03/01/2013 01.44 EDT

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This article originally ran on TLNT.  To view it, click here.   Let’s face it.  The active candidate has become a second-class citizen.  Conventional wisdom says that there continues to be a glut of in-transition executives in the job market.  Just post a job on Monster.com and you can expect an avalanche of resumes to bury your inbox.  Or, set your corporate recruiter loose on LinkedIn and within a few days, she will be sitting in your office with a stack of profiles from which you can choose your next VP of [insert job title here].  The only catch is that the vast majority of these candidates are either out of work or have something going on in their current companies that is pushing them out the door.   That’s not to say there are not a number of talented executives in the active candidate pile.  There are.  You can’t have the type of economic upheaval we have experienced over the past several years and not some very talented professionals be displaced.  But, do you really want this demographic to make up the entire applicant pool for a critical senior hire?  That answer comes down to making a choice between whether you are looking for the best talent available or the best talent period.   In my opinion, this is where the talent acquisition function is currently failing its client base.  Many have mistaken the increase in candidate visibility for an increase in candidate quality.  That’s simply not the...

4 Ways Companies Can Fix Succession Planning in 2013

01/29/2013 04.15 EDT

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Succession planning is a bit like flossing your teeth or going on a New Year’s diet – you know it is a good idea and that it can only make you healthier, but it is difficult to muster the discipline necessary to follow through on the commitment.   Most companies take a similar approach toward building a succession plan – or not building one.  The majority of organizations today lack an adequate pool of internal candidates ready to replace the executives who are slated to be promoted to the next management level or retire.  By first addressing the shortfall they have of candidates for key positions in the organization, companies can then begin to develop a comprehensive succession plan.   To stick to that New Year’s resolution of finally mapping out your organization’s successors, follow these four simple steps to get started.   Find out who cares about succession planning.  If the Board, the CEO or division leaders don’t care about succession planning, don’t waste your time trying to drive a program.  If you want to get them interested, remind them of some spectacular successes (or failures) in succession planning that had a real effect on the company.  If they still aren’t interested, update your resume and start looking for a new job. Conduct a “succession audit.”  Don’t panic – this does not have to be a big deal.  For each critical position in the organization, identify two types of employees who are already on staff: those...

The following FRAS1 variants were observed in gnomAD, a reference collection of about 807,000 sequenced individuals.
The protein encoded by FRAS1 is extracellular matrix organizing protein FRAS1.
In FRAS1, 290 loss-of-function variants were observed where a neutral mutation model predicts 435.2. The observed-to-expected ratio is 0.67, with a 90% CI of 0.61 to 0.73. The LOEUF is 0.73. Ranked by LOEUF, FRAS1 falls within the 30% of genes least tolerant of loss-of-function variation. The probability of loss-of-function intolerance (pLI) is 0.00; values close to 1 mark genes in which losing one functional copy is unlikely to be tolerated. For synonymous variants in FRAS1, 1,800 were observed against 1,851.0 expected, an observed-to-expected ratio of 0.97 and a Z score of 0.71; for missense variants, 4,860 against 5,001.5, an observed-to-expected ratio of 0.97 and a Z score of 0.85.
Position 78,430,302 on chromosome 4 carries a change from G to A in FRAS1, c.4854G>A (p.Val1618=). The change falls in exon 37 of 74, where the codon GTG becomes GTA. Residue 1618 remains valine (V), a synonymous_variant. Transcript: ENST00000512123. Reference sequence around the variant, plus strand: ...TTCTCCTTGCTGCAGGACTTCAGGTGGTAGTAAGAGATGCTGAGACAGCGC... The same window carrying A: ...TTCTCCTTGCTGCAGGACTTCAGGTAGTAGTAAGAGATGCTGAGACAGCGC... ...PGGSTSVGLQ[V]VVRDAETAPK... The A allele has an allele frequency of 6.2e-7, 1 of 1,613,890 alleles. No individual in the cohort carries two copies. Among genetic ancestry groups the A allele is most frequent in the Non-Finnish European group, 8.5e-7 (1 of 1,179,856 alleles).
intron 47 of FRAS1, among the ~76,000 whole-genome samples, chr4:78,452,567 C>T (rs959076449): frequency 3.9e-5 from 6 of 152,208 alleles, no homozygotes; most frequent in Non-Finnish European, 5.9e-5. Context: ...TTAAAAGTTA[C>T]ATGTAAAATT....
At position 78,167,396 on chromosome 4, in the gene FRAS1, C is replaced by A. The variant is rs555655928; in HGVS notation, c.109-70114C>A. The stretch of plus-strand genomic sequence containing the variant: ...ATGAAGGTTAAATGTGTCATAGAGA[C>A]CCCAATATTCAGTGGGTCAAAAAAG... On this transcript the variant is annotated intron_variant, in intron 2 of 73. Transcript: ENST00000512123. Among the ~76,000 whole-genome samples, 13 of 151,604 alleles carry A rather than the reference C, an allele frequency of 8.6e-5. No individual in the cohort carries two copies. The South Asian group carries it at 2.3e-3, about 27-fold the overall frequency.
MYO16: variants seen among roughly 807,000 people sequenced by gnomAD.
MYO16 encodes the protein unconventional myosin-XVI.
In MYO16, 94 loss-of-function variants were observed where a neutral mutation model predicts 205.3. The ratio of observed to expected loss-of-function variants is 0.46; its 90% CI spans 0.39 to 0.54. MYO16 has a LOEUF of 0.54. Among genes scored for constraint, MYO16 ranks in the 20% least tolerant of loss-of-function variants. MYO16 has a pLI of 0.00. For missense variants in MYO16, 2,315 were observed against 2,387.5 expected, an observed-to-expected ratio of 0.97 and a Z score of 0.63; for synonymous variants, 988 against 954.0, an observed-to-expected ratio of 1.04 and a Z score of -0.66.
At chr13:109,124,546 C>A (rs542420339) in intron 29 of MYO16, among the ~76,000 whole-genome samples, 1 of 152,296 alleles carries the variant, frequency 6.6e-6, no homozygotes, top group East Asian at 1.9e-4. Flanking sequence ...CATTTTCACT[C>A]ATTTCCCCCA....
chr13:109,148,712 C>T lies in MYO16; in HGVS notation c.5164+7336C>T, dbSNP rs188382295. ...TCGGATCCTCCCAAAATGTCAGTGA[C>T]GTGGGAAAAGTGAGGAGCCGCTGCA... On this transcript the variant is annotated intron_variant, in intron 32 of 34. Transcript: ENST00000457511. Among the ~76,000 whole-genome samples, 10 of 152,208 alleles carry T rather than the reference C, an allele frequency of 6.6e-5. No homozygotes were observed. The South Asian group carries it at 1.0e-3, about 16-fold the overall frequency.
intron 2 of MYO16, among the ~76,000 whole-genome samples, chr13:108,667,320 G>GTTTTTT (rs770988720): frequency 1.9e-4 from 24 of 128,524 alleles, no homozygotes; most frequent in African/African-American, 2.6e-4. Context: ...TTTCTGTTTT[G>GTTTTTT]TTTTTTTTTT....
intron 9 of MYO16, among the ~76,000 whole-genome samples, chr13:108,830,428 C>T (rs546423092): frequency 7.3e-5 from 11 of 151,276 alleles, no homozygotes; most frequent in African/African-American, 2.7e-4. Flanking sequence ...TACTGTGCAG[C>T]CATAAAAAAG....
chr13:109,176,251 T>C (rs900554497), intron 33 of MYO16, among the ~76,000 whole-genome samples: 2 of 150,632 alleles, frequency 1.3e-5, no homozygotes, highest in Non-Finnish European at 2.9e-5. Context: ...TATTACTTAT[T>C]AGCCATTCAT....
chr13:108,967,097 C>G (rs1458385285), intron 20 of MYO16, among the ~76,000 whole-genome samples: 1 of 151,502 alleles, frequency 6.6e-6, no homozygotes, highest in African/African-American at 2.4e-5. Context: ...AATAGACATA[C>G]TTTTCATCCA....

Don’t Call Me a Headhunter

11/02/2012 04.13 EDT

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Headhunter. The definition of a “headhunter” is someone who seeks, collects and preserves the heads of enemies as trophies or ceremonial objects. This is not what I do and I certainly hope it’s not something my competitors do.   Whenever I attend an event and meet people for the first time, most ask me what I do for a living. They are confused when I respond that I am an “executive search consultant.” Most of the time, I receive glazed looks in response to this term and almost always need to follow it with a more detailed description: “I am hired or retained by corporations to help them recruit for specific executive-level positions.” This is typically followed by more confusion until I give in and say I am a headhunter. Then the vacant stare shifts into clear recognition – “Oh, now I understand what you do!” – followed by a description of their job-seeking friend “Joe” and why he’d be perfect for my client. Now I am just frustrated. That is not what I do either.   While referrals are welcome, I wish people would understand the core differences between executive search and headhunting:   We work with clients on very specific assignments. Even though “Joe” may be a great guy, if I don’t have a search assignment that matches his background, it doesn’t matter. We are not a placement agency. We are a consulting firm that partners with companies to identify talented executives who have the...